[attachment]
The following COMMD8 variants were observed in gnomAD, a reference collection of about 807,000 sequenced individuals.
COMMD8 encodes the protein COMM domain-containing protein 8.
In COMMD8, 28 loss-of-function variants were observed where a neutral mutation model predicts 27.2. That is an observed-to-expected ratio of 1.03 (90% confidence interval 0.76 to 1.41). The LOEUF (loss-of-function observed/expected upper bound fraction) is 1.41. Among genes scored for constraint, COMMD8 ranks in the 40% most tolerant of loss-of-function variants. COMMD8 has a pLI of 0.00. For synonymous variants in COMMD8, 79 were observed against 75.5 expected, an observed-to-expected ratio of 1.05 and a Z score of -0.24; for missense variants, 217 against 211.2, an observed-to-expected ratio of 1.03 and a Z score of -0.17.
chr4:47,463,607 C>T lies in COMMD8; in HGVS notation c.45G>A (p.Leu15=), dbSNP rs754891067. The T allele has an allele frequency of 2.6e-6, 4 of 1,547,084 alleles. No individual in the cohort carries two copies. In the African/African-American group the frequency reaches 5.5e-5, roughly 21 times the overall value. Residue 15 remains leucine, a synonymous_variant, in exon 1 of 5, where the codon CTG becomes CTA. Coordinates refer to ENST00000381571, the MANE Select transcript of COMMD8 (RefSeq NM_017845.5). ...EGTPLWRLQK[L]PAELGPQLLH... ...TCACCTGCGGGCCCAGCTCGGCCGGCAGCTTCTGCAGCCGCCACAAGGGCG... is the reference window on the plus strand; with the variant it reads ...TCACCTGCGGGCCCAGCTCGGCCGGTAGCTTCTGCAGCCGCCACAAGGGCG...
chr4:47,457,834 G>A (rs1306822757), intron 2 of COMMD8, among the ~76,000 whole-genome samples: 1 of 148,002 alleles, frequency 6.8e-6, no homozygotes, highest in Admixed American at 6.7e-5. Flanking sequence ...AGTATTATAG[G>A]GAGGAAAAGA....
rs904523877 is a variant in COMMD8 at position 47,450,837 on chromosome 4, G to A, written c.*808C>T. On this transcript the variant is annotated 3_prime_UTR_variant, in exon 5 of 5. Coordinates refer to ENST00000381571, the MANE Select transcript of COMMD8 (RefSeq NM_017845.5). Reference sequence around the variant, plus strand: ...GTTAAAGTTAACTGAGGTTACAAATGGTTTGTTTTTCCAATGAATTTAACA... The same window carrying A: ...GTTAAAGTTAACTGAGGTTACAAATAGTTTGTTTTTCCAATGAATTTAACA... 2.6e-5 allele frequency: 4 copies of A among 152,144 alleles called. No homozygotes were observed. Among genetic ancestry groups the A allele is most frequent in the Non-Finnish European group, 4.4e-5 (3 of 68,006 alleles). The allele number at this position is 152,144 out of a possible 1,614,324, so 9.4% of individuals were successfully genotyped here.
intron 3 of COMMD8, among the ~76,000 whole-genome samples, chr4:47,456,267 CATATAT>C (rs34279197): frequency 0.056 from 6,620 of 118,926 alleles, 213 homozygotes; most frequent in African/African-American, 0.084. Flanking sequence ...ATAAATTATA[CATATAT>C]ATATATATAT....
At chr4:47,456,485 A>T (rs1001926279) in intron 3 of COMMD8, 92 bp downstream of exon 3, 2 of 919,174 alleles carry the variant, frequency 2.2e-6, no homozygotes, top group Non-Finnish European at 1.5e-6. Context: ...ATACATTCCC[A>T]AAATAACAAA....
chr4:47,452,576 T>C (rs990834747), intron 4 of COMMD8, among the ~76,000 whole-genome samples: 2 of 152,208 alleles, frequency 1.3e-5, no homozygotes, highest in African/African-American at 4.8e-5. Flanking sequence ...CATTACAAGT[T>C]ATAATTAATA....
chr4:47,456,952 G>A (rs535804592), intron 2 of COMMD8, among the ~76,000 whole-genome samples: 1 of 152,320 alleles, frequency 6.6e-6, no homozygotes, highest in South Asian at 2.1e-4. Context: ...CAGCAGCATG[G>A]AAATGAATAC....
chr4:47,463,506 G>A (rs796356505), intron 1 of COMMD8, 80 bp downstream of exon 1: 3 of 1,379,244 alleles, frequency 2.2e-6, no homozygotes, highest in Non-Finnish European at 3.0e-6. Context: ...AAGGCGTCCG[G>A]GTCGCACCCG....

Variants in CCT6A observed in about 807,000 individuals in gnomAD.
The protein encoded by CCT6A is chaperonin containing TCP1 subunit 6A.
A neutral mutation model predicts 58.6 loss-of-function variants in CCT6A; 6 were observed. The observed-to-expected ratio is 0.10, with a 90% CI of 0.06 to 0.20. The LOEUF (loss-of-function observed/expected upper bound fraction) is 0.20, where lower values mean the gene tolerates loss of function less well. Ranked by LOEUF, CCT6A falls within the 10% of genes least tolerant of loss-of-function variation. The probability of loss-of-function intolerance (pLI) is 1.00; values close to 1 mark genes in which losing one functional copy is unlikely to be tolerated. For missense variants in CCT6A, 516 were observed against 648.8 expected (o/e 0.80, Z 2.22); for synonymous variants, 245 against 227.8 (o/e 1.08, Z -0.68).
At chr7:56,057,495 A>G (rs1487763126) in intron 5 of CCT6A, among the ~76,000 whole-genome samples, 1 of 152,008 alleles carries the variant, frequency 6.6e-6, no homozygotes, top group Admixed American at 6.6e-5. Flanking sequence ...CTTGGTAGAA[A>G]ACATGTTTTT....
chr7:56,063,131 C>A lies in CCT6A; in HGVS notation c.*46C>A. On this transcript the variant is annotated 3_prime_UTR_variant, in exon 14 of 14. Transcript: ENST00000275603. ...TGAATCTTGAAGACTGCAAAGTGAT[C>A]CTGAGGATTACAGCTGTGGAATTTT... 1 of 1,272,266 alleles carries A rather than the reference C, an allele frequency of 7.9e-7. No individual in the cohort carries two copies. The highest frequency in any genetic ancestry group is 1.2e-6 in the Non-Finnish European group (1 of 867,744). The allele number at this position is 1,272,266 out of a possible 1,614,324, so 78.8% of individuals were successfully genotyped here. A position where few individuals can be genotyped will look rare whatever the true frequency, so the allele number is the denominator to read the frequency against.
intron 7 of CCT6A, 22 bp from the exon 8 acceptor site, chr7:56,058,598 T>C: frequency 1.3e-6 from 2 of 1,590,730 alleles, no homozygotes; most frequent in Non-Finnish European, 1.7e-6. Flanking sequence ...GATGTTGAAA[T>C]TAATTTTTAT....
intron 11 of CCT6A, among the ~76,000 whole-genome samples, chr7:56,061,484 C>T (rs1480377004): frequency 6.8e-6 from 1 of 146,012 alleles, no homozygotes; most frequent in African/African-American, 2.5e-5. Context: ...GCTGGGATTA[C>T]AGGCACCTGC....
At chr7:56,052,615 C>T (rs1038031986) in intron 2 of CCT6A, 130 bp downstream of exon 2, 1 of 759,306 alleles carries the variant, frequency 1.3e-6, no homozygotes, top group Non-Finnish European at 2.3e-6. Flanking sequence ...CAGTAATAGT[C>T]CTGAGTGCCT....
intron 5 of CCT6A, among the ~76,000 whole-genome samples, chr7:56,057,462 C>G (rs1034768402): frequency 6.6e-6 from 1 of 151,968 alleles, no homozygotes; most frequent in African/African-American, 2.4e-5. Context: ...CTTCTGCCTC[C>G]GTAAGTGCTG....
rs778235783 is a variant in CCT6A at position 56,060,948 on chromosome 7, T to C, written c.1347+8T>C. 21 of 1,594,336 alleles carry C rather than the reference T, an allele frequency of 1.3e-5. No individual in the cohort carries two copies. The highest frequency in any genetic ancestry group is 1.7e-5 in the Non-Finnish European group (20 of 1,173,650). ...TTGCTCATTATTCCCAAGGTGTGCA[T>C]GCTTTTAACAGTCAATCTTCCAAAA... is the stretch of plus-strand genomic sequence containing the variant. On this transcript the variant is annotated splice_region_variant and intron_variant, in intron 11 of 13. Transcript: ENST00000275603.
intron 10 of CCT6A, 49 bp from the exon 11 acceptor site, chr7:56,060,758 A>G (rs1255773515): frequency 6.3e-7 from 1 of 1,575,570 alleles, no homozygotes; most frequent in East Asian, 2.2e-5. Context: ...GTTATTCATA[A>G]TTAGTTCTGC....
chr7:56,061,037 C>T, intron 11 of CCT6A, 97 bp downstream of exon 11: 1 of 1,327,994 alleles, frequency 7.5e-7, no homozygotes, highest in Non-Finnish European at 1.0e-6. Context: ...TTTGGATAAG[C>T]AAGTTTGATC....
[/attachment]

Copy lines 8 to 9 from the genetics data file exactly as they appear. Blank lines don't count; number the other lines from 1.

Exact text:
At chr4:47,456,485 A>T (rs1001926279) in intron 3 of COMMD8, 92 bp downstream of exon 3, 2 of 919,174 alleles carry the variant, frequency 2.2e-6, no homozygotes, top group Non-Finnish European at 1.5e-6. Context: ...ATACATTCCC[A>T]AAATAACAAA....
chr4:47,452,576 T>C (rs990834747), intron 4 of COMMD8, among the ~76,000 whole-genome samples: 2 of 152,208 alleles, frequency 1.3e-5, no homozygotes, highest in African/African-American at 4.8e-5. Flanking sequence ...CATTACAAGT[T>C]ATAATTAATA....